A market has a demand and a supply curve that shows the demand for and supply of the good in question. When you put together the money demand and supply curves, you can view the money market.


The money market equilibrium, with the equilibrium real interest rate, r1, and the equilibrium quantity of real money, m1.

Remember the variables that can shift the money demand and supply curves. In the next example, a change in the country’s output and nominal money supply is applied to the money market. You can predict how the real interest rate and the real quantity of money in the money market change.


Start with an increase in output.

An increase in output increases the money demand curve, which, in turn, increases the real interest rate without changing the quantity of real money.


Assume an increase in the nominal money supply.

Because there is a change in a nominal variable this time, the short- and long-run predictions differ.

In the short run, you assume sticky prices. At the same prices, if the initial nominal money supply of M1 increases to M2, the real money supply also increases. As a result, the real money supply curve increases (shifts to the right). Therefore, in the short run, you predict a lower real interest rate (r2) and a higher quantity of real money (m2).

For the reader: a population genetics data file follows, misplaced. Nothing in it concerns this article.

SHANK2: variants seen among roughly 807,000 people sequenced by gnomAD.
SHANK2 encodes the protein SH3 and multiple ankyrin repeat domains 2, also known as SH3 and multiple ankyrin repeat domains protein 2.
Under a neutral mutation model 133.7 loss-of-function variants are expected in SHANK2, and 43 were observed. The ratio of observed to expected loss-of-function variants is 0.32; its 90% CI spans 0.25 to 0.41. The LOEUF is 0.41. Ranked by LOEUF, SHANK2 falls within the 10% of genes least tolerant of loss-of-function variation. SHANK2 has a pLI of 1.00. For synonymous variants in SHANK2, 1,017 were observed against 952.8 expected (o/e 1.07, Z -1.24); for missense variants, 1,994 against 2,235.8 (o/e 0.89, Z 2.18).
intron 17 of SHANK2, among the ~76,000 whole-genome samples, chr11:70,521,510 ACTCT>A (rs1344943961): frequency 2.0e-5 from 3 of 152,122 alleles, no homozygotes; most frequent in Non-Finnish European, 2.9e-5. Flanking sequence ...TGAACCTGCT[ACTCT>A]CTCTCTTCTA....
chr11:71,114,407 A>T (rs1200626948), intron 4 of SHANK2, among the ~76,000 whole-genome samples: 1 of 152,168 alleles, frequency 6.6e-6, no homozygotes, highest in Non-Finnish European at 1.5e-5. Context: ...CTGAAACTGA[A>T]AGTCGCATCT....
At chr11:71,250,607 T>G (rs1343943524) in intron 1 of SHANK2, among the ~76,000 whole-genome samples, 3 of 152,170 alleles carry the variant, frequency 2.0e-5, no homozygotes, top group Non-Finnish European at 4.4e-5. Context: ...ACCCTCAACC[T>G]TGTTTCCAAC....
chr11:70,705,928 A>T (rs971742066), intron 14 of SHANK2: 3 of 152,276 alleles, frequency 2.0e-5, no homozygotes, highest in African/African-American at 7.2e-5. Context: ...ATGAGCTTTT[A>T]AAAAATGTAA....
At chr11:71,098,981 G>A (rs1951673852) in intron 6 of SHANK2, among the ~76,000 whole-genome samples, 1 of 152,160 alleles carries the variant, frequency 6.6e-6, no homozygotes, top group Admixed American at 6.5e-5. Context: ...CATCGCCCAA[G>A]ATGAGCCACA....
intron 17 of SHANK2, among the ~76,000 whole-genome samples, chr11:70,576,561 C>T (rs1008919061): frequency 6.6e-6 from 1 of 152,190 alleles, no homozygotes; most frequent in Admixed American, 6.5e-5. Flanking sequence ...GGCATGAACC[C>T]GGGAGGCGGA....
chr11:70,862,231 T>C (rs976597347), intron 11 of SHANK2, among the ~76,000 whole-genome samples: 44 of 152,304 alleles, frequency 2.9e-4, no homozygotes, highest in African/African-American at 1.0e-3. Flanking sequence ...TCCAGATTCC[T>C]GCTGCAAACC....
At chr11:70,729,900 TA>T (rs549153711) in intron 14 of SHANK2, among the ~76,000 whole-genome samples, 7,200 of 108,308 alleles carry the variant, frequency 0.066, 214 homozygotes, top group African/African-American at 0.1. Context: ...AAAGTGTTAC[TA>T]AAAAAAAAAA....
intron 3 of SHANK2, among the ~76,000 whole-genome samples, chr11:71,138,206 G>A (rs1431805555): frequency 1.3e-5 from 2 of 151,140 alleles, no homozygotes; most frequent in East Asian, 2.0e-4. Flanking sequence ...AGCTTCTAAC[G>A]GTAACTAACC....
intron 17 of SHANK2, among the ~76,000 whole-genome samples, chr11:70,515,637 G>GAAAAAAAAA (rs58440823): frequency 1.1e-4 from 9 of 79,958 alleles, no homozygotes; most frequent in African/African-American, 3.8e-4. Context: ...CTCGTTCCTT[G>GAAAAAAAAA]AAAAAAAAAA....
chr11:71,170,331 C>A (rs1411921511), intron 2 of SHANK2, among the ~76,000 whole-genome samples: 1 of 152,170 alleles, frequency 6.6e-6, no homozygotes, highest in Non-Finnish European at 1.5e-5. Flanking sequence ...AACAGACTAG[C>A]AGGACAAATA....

To express your long-run predictions, make use of the Quantity Theory of Money. This theory states that, in the long run, the price level increases at the same rate at which the nominal money supply increased. Therefore, you expect the percent increase from P1 to P2 to match the increase in the nominal money supply from M1 to M2.

In this case, the real money supply curve returns to its original position, indicating r1 as the equilibrium real interest rate and m1 as the equilibrium real quantity of money. The real quantity of money is the same as before m1 because the price level and the nominal money supply have increased by the same proportion (M1 / P1 = M2 / P2).